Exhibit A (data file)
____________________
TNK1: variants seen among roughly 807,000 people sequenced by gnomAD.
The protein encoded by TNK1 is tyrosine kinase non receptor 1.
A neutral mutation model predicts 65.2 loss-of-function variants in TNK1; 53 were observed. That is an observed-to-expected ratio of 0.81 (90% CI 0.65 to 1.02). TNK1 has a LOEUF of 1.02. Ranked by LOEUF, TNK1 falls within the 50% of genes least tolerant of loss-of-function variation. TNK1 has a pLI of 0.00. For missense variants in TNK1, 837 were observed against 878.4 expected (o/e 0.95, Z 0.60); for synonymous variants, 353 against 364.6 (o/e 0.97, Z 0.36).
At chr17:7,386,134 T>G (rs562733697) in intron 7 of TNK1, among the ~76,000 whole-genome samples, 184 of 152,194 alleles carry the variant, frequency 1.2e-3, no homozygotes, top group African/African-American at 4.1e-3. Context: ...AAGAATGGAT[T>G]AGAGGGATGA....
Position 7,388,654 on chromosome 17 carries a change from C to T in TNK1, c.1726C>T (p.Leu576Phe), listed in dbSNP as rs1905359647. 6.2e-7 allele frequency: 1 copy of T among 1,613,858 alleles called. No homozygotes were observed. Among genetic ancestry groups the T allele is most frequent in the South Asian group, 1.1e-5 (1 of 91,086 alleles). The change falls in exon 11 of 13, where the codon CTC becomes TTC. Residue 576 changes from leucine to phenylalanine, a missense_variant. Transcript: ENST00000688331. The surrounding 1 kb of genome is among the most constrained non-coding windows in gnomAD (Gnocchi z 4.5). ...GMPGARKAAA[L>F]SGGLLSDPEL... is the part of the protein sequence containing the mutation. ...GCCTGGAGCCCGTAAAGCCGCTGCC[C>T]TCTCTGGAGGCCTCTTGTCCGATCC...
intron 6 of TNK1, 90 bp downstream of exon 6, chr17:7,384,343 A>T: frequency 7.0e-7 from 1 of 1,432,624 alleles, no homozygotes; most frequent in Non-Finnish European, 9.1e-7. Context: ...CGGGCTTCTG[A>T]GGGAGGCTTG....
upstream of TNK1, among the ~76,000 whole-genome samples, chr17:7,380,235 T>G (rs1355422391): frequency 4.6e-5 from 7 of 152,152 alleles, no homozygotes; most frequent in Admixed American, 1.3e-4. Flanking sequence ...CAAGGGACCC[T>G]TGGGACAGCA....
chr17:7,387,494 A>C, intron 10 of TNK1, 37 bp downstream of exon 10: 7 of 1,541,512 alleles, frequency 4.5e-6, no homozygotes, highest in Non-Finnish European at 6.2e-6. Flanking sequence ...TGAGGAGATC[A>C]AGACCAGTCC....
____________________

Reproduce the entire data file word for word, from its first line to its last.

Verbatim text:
TNK1: variants seen among roughly 807,000 people sequenced by gnomAD.
The protein encoded by TNK1 is tyrosine kinase non receptor 1.
A neutral mutation model predicts 65.2 loss-of-function variants in TNK1; 53 were observed. That is an observed-to-expected ratio of 0.81 (90% CI 0.65 to 1.02). TNK1 has a LOEUF of 1.02. Ranked by LOEUF, TNK1 falls within the 50% of genes least tolerant of loss-of-function variation. TNK1 has a pLI of 0.00. For missense variants in TNK1, 837 were observed against 878.4 expected (o/e 0.95, Z 0.60); for synonymous variants, 353 against 364.6 (o/e 0.97, Z 0.36).
At chr17:7,386,134 T>G (rs562733697) in intron 7 of TNK1, among the ~76,000 whole-genome samples, 184 of 152,194 alleles carry the variant, frequency 1.2e-3, no homozygotes, top group African/African-American at 4.1e-3. Context: ...AAGAATGGAT[T>G]AGAGGGATGA....
Position 7,388,654 on chromosome 17 carries a change from C to T in TNK1, c.1726C>T (p.Leu576Phe), listed in dbSNP as rs1905359647. 6.2e-7 allele frequency: 1 copy of T among 1,613,858 alleles called. No homozygotes were observed. Among genetic ancestry groups the T allele is most frequent in the South Asian group, 1.1e-5 (1 of 91,086 alleles). The change falls in exon 11 of 13, where the codon CTC becomes TTC. Residue 576 changes from leucine to phenylalanine, a missense_variant. Transcript: ENST00000688331. The surrounding 1 kb of genome is among the most constrained non-coding windows in gnomAD (Gnocchi z 4.5). ...GMPGARKAAA[L>F]SGGLLSDPEL... is the part of the protein sequence containing the mutation. ...GCCTGGAGCCCGTAAAGCCGCTGCC[C>T]TCTCTGGAGGCCTCTTGTCCGATCC...
intron 6 of TNK1, 90 bp downstream of exon 6, chr17:7,384,343 A>T: frequency 7.0e-7 from 1 of 1,432,624 alleles, no homozygotes; most frequent in Non-Finnish European, 9.1e-7. Context: ...CGGGCTTCTG[A>T]GGGAGGCTTG....
upstream of TNK1, among the ~76,000 whole-genome samples, chr17:7,380,235 T>G (rs1355422391): frequency 4.6e-5 from 7 of 152,152 alleles, no homozygotes; most frequent in Admixed American, 1.3e-4. Flanking sequence ...CAAGGGACCC[T>G]TGGGACAGCA....
chr17:7,387,494 A>C, intron 10 of TNK1, 37 bp downstream of exon 10: 7 of 1,541,512 alleles, frequency 4.5e-6, no homozygotes, highest in Non-Finnish European at 6.2e-6. Flanking sequence ...TGAGGAGATC[A>C]AGACCAGTCC....